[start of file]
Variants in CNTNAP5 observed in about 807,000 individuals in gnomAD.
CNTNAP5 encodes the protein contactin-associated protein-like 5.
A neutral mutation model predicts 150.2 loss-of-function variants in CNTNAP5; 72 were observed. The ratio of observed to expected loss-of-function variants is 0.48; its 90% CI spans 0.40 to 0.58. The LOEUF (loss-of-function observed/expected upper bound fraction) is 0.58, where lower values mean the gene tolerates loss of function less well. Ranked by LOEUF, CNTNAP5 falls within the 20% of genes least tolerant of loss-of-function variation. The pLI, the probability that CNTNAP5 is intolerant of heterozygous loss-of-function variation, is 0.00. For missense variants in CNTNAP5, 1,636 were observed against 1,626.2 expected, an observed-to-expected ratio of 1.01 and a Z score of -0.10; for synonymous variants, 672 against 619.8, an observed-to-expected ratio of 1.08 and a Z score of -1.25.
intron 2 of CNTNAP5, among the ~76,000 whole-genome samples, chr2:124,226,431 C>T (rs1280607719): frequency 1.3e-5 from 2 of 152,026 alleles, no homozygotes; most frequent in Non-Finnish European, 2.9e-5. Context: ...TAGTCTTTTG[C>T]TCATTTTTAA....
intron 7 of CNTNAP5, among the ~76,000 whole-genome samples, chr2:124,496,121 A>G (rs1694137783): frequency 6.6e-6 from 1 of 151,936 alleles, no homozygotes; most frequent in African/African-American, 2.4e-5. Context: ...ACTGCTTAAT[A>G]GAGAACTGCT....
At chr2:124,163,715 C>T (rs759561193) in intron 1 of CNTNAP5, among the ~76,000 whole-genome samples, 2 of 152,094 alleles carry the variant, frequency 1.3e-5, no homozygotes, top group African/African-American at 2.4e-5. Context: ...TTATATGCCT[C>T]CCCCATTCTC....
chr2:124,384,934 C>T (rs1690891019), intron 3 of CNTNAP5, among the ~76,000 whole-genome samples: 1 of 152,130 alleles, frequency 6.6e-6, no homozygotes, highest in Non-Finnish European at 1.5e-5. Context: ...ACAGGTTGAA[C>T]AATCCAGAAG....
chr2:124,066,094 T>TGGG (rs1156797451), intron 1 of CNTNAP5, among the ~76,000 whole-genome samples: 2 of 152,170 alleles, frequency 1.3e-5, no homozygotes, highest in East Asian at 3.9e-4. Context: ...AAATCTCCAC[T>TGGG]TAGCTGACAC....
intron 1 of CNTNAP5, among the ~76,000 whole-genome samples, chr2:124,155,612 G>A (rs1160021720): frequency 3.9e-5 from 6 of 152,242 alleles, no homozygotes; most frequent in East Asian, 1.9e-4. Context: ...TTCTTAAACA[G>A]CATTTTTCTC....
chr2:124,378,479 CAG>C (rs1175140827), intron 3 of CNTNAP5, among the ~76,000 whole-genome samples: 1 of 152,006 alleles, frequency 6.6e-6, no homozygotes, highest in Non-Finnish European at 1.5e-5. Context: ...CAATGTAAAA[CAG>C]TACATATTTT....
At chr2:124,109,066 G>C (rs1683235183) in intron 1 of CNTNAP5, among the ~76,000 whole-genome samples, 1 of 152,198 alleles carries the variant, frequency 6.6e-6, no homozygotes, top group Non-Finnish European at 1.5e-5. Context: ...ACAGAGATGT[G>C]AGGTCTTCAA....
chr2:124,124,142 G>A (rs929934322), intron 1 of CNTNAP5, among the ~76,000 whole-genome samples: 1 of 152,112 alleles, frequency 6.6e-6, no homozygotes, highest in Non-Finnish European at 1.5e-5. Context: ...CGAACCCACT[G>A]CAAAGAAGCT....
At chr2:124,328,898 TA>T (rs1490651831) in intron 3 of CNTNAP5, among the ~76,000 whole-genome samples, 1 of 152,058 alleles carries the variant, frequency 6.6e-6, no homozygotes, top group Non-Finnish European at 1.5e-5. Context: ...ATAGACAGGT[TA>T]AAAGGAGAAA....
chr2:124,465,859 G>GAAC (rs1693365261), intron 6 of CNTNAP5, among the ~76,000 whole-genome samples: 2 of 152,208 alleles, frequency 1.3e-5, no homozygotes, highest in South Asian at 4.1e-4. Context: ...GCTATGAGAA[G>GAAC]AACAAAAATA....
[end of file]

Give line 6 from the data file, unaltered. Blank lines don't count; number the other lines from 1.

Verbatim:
At chr2:124,163,715 C>T (rs759561193) in intron 1 of CNTNAP5, among the ~76,000 whole-genome samples, 2 of 152,094 alleles carry the variant, frequency 1.3e-5, no homozygotes, top group African/African-American at 2.4e-5. Context: ...TTATATGCCT[C>T]CCCCATTCTC....